Citizen Foresters preparing to plant

Citizen Forester Program

Citizen Foresters represent a group of over 1,300 dedicated Casey Trees volunteers who have taken at least one of our five free qualifying classes. Becoming a Citizen Forester is the first step in further volunteer and advocacy opportunities.

Qualifying Classes

  • Trees 101
  • Trees 201 (required for becoming a Lead Citizen Forester)
  • Stand Up For Trees (step one in becoming a Tree Advocate)
  • Pruning Workshop (step one in becoming a Citizen Pruner)
  • Tree Planting Workshop (step one in becoming a Team Leader)

These events are available seasonally and can be found on our event calendar. Advance registration is required.


Team Leader

Our Team Leaders have received additional training to lead teams of volunteers at our Community Tree Planting events. Every Team Leader is given a team of 3 to 5 volunteers and is responsible for the quality of the tree planting and the safety of the team. To become a Team Leader you must attend the Tree Planting Workshop and work with a Team Leader Mentor at a minimum of two plantings in the same season. No prior experience is necessary.

The Tree Planting Workshop is offered twice a year at the beginning of each season. Attendance is mandatory to become a Citizen Forester Team Leader.


Lead Citizen Forester

This group of highly skilled volunteers have attended Trees 101, Trees 201, Stand Up for Trees and the Tree Planting Workshop, have qualified as a Team Leader and have been selected by Casey Trees staff as demonstrating exemplary knowledge and leadership. Lead Citizen Foresters serve as liaisons between Casey Trees and the Community Tree Planting’s Project Organizer. Lead Citizen Foresters meet with the Project Organizer early in the planning stage and assist with tree selection, placement, community involvement and problem troubleshooting.


Tree Advocate

Trees and green infrastructure are essential to creating and maintaining healthy, sustainable and economically viable communities. As such we engage public policy professionals and decision makers to ensure that policies and plans intended to guide the District’s growth also protect the city’s fragile urban forest.

Who May Advocate with Casey Trees?

Anyone can join us to advocate. Our program is aimed at developing a network of trained Tree Advocates who fight for trees around D.C.  It is a grassroots approach to greening our public policy and development projects.

Our most committed advocacy volunteers will earn the distinction of Casey Trees Tree Advocate. Tree Advocates receive special recognition through our Citizen Forester Program. Tree Advocates are leaders who help facilitate advocacy actions, and help us as we train and develop other volunteers. Becoming a Tree Advocate requires the following:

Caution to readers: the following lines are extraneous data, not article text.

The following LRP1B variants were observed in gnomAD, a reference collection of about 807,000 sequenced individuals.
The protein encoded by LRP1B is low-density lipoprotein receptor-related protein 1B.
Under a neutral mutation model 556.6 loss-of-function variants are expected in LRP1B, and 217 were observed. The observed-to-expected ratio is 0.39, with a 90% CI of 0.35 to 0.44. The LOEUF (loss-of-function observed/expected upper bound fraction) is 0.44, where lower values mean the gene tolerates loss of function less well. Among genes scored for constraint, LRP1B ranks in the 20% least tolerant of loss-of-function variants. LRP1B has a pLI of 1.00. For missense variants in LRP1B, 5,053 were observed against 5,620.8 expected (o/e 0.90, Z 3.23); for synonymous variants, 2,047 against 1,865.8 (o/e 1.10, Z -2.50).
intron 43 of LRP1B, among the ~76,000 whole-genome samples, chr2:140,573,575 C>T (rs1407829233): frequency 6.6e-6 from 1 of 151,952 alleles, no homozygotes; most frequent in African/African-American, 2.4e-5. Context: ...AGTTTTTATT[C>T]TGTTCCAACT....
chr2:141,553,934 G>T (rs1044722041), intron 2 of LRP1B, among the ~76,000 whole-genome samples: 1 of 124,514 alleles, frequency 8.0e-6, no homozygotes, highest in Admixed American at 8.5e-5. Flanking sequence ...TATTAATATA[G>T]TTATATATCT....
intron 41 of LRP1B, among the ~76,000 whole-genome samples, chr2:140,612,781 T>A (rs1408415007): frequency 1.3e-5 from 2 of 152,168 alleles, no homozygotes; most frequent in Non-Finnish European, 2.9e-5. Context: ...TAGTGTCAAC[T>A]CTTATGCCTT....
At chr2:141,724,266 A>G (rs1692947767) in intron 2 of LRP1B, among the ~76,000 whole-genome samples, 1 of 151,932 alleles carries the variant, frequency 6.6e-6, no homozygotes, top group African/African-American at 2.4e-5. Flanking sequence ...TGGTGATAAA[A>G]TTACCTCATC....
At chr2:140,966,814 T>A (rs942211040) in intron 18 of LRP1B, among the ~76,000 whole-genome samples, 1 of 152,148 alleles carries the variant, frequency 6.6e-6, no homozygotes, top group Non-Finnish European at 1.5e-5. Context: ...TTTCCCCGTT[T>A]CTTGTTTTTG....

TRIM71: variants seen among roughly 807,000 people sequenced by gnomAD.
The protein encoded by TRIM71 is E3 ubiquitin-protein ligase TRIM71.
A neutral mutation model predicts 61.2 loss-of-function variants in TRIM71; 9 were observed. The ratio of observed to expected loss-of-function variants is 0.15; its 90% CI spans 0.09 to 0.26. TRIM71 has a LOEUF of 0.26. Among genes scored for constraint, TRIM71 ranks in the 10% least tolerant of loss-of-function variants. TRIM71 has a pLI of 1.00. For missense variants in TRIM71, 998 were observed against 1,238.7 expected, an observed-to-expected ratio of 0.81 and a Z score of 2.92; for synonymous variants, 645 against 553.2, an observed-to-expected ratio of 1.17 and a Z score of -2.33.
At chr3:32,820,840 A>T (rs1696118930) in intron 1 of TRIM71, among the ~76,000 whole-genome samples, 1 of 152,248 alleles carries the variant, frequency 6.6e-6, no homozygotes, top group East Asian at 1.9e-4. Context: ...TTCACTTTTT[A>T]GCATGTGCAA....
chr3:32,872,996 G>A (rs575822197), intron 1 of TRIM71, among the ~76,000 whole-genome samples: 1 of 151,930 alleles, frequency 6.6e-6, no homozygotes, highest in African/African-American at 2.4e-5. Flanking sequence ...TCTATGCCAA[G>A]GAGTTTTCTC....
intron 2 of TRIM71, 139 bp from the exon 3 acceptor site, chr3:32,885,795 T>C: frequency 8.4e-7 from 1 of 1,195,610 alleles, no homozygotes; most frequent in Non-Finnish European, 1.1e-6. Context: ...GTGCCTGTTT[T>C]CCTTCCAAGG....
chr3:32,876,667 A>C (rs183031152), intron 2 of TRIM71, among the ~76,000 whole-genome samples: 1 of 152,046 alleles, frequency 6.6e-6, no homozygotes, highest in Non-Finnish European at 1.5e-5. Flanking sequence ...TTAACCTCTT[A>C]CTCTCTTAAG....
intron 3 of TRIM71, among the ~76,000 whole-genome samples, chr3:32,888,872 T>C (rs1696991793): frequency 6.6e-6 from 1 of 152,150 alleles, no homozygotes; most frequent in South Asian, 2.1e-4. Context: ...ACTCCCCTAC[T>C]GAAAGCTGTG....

• Attend the Stand Up for Trees Class.
  • Fill out our advocacy survey (list your neighborhood/ANC affiliation, past Casey Trees class participation, and outside advocacy experiences).
  • Attend two Tree Advocate meetings per year at Casey Trees headquarters.
  • Participate in four advocacy actions (attend public meetings, lobby days, submit public comments, etc.).

* Becoming a Tree Advocate is not required to participate in Casey Trees advocacy actions, and we welcome everyone to join as their interests and time constraints allow.

What are Advocacy Actions?

At any given time, Casey Trees advocates have an opportunity to participate in a handful of “advocacy actions” – opportunities to engage policymakers and other leaders. Many actions also provide a chance to meet and engage with other concerned citizens from around the city. Potential advocacy actions include:

  • Attending our Casey Trees Lobby Days (offered around 3 times a year to deliver our Tree Report Card to the Council, to encourage the Mayor and councilmembers to invest in trees).
  • Participating in public meetings (ANC Meetings, Community Meetings, or other District agency meetings to discuss developments, the District’s budget, or other important tree-related issues)
  • Attending public workshops (held by District agencies, community groups, and Councilmembers)
  • Providing public comments (written comments to address upcoming projects or plans in the District)

How to Advocate